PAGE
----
This article is written for those who want to get better at using price to earnings ratios (P/E ratios). We'll look at Canadian Western Bank's (TSE:CWB) P/E ratio and reflect on what it tells us about the company's share price. What is Canadian Western Bank's P/E ratio? Well, based on the last twelve months it is 10.44. In other words, at today's prices, investors are paying CA$10.44 for every CA$1 in prior year profit.
How Do You Calculate A P/E Ratio?
The formula for price to earnings is:
Price to Earnings Ratio = Share Price ÷ Earnings per Share (EPS)
Or for Canadian Western Bank:
P/E of 10.44 = CA$31.84 ÷ CA$3.05 (Based on the trailing twelve months to October 2019.)
Is A High Price-to-Earnings Ratio Good?
A higher P/E ratio implies that investors pay a higher price for the earning power of the business. All else being equal, it's better to pay a low price -- but as Warren Buffett said, 'It's far better to buy a wonderful company at a fair price than a fair company at a wonderful price'.
Does Canadian Western Bank Have A Relatively High Or Low P/E For Its Industry?
We can get an indication of market expectations by looking at the P/E ratio. The image below shows that Canadian Western Bank has a P/E ratio that is roughly in line with the banks industry average (11.2).
That indicates that the market expects Canadian Western Bank will perform roughly in line with other companies in its industry. So if Canadian Western Bank actually outperforms its peers going forward, that should be a positive for the share price. I would further inform my view by checking insider buying and selling., among other things.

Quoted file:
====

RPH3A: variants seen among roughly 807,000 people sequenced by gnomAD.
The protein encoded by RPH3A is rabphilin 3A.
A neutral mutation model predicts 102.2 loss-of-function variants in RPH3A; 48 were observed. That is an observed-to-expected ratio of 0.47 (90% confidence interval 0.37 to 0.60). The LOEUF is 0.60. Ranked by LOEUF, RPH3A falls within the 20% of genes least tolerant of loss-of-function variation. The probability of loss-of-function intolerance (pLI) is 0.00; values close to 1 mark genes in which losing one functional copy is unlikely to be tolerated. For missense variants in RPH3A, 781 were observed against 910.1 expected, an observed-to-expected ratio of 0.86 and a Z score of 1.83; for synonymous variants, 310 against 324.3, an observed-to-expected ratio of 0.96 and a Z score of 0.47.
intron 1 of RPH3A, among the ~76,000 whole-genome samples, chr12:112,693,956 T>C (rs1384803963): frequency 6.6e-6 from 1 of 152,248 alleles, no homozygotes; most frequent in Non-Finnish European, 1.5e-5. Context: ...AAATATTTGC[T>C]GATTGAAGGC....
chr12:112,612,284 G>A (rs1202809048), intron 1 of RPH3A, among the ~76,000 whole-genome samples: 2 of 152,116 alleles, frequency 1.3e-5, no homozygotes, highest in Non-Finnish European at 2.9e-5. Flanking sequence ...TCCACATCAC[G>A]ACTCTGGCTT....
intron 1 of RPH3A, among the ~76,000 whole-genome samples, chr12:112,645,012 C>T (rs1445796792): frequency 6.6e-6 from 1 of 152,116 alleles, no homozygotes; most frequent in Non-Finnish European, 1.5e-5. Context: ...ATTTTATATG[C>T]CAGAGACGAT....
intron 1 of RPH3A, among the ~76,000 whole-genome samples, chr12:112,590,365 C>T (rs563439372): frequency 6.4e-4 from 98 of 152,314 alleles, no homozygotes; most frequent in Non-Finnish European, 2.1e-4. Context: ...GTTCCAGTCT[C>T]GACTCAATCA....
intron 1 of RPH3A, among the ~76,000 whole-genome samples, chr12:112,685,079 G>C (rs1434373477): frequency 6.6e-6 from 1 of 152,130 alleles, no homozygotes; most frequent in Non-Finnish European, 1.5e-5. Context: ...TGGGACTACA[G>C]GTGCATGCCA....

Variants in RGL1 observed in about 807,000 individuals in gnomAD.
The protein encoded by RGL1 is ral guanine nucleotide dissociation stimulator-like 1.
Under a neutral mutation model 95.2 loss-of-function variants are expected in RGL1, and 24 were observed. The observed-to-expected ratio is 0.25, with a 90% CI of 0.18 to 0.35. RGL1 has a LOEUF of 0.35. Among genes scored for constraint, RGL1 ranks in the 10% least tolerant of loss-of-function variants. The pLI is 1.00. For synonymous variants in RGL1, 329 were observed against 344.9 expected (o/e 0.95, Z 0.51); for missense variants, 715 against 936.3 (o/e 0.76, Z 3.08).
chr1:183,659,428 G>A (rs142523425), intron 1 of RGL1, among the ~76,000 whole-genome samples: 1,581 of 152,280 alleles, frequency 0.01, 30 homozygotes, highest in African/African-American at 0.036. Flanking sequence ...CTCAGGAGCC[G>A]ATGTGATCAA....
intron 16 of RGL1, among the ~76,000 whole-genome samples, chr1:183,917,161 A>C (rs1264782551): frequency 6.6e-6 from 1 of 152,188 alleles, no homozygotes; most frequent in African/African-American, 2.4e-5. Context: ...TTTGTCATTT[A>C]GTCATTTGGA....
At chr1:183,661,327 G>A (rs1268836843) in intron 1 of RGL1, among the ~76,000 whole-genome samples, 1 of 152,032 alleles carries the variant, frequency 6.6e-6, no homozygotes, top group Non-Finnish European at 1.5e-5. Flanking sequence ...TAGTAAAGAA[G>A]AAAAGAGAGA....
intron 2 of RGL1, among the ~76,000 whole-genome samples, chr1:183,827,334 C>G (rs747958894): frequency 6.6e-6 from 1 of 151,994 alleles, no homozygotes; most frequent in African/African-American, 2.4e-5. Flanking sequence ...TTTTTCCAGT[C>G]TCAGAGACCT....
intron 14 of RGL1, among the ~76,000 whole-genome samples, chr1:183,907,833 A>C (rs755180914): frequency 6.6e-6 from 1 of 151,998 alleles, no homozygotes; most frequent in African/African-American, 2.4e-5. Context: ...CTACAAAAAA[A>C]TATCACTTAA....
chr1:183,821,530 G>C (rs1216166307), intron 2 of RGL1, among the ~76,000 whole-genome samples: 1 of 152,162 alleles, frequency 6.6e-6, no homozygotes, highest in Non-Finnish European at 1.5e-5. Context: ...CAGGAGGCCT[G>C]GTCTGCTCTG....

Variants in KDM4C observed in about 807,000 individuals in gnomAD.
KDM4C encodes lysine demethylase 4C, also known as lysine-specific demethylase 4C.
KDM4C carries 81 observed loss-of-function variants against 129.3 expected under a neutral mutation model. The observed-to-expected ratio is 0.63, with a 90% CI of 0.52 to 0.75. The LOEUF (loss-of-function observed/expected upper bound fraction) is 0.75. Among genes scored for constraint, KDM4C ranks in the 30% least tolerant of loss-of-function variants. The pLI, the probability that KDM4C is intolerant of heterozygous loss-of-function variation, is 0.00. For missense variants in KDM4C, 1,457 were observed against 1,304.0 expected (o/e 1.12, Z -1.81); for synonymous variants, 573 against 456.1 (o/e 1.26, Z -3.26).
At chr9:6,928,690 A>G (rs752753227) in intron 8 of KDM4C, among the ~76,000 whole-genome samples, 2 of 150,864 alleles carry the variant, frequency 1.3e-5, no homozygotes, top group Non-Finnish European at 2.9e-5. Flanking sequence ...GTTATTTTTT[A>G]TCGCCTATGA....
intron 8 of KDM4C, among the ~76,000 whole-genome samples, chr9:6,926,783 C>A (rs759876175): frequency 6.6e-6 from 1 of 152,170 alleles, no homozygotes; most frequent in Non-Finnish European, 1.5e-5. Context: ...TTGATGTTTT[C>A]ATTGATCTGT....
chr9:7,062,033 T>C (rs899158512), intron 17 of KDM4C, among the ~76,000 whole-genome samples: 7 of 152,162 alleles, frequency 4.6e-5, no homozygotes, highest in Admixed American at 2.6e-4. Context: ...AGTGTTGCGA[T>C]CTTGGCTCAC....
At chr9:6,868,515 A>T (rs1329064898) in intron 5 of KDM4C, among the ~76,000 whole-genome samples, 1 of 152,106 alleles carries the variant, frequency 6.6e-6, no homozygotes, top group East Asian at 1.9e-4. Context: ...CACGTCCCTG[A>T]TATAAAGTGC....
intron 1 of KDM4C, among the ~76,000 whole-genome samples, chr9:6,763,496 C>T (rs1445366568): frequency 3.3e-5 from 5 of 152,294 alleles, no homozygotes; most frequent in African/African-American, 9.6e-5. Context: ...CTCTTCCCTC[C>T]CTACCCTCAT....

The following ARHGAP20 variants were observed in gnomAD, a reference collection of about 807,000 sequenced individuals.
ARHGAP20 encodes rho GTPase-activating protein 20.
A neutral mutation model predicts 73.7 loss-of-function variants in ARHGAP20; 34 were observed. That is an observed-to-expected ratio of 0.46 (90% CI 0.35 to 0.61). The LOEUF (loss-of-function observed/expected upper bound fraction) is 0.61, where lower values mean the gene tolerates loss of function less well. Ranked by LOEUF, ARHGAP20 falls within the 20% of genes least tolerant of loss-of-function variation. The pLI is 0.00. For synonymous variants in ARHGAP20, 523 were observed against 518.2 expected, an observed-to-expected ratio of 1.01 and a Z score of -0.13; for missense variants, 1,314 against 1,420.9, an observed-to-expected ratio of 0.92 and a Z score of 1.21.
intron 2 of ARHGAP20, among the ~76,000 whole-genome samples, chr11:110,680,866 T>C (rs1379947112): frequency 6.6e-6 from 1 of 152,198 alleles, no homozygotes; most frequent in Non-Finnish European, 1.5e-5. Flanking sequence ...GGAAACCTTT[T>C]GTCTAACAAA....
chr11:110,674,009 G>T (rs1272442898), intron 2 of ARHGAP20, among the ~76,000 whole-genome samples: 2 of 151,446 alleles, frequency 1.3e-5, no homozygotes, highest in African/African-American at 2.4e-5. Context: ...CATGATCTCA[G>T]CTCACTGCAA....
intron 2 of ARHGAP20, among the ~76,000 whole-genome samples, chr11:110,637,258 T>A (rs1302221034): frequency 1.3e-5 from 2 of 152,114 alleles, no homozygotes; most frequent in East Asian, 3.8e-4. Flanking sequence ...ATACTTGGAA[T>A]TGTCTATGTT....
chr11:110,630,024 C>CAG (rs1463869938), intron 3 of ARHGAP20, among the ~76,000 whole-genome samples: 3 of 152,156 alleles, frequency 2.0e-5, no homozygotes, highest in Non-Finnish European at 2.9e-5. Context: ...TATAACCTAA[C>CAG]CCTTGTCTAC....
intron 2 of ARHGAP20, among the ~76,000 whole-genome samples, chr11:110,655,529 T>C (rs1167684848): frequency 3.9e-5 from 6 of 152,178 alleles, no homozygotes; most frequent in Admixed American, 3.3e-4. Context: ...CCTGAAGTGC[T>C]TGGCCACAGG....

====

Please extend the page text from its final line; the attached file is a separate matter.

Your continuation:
How Growth Rates Impact P/E Ratios
P/E ratios primarily reflect market expectations around earnings growth rates. That's because companies that grow earnings per share quickly will rapidly increase the 'E' in the equation. Therefore, even if you pay a high multiple of earnings now, that multiple will become lower in the future. And as that P/E ratio drops, the company will look cheap, unless its share price increases.
Canadian Western Bank increased earnings per share by 8.7% last year. And it has bolstered its earnings per share by 3.5% per year over the last five years.
A Limitation: P/E Ratios Ignore Debt and Cash In The Bank
Don't forget that the P/E ratio considers market capitalization. That means it doesn't take debt or cash into account. Theoretically, a business can improve its earnings (and produce a lower P/E in the future) by investing in growth. That means taking on debt (or spending its cash).
Such spending might be good or bad, overall, but the key point here is that you need to look at debt to understand the P/E ratio in context.
How Does Canadian Western Bank's Debt Impact Its P/E Ratio?
The extra options and safety that comes with Canadian Western Bank's CA$47m net cash position means that it deserves a higher P/E than it would if it had a lot of net debt.
The Bottom Line On Canadian Western Bank's P/E Ratio
Canadian Western Bank has a P/E of 10.4. That's below the average in the CA market, which is 15.8. Recent earnings growth wasn't bad. And the net cash position gives the company many options. So it's strange that the low P/E indicates low expectations.
Investors have an opportunity when market expectations about a stock are wrong. If the reality for a company is not as bad as the P/E ratio indicates, then the share price should increase as the market realizes this. So this free report on the analyst consensus forecasts could help you make a master move on this stock.
Of course, you might find a fantastic investment by looking at a few good candidates. So take a peek at this free list of companies with modest (or no) debt, trading on a P/E below 20.
If you spot an error that warrants correction, please contact the editor at firstname.lastname@example.org. This article by Simply Wall St is general in nature. It does not constitute a recommendation to buy or sell any stock, and does not take account of your objectives, or your financial situation. Simply Wall St has no position in the stocks mentioned.
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